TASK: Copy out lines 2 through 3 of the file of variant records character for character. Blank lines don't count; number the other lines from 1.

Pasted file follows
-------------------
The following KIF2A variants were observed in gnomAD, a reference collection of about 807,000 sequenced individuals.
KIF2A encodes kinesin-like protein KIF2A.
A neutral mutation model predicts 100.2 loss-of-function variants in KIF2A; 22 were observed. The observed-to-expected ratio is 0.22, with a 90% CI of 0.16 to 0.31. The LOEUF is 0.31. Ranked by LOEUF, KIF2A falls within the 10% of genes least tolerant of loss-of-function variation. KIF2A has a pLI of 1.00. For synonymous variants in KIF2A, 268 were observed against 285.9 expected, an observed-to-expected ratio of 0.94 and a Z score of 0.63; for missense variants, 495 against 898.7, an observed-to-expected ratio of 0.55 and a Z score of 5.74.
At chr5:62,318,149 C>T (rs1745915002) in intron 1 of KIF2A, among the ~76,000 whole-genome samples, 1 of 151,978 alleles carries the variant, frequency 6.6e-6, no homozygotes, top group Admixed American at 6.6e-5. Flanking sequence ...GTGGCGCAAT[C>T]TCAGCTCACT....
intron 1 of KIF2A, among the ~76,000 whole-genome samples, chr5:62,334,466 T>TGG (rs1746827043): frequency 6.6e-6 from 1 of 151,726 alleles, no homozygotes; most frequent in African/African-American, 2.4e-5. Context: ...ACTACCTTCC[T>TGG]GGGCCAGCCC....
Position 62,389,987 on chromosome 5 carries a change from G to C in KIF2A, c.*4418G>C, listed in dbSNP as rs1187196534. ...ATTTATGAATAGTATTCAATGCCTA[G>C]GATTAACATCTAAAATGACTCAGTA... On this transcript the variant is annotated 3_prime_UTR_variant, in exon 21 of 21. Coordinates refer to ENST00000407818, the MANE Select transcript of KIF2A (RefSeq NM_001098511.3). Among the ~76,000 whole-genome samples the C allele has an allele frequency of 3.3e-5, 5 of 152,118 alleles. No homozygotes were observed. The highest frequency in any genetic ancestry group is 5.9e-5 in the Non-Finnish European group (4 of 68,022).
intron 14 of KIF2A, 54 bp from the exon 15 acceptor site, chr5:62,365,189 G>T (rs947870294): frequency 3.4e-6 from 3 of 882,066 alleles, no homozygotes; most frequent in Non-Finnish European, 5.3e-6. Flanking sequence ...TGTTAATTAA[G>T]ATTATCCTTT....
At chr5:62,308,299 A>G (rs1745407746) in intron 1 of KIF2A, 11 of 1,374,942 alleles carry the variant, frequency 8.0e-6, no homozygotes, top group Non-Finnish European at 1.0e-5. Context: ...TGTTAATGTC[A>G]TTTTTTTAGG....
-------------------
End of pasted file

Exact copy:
KIF2A encodes kinesin-like protein KIF2A.
A neutral mutation model predicts 100.2 loss-of-function variants in KIF2A; 22 were observed. The observed-to-expected ratio is 0.22, with a 90% CI of 0.16 to 0.31. The LOEUF is 0.31. Ranked by LOEUF, KIF2A falls within the 10% of genes least tolerant of loss-of-function variation. KIF2A has a pLI of 1.00. For synonymous variants in KIF2A, 268 were observed against 285.9 expected, an observed-to-expected ratio of 0.94 and a Z score of 0.63; for missense variants, 495 against 898.7, an observed-to-expected ratio of 0.55 and a Z score of 5.74.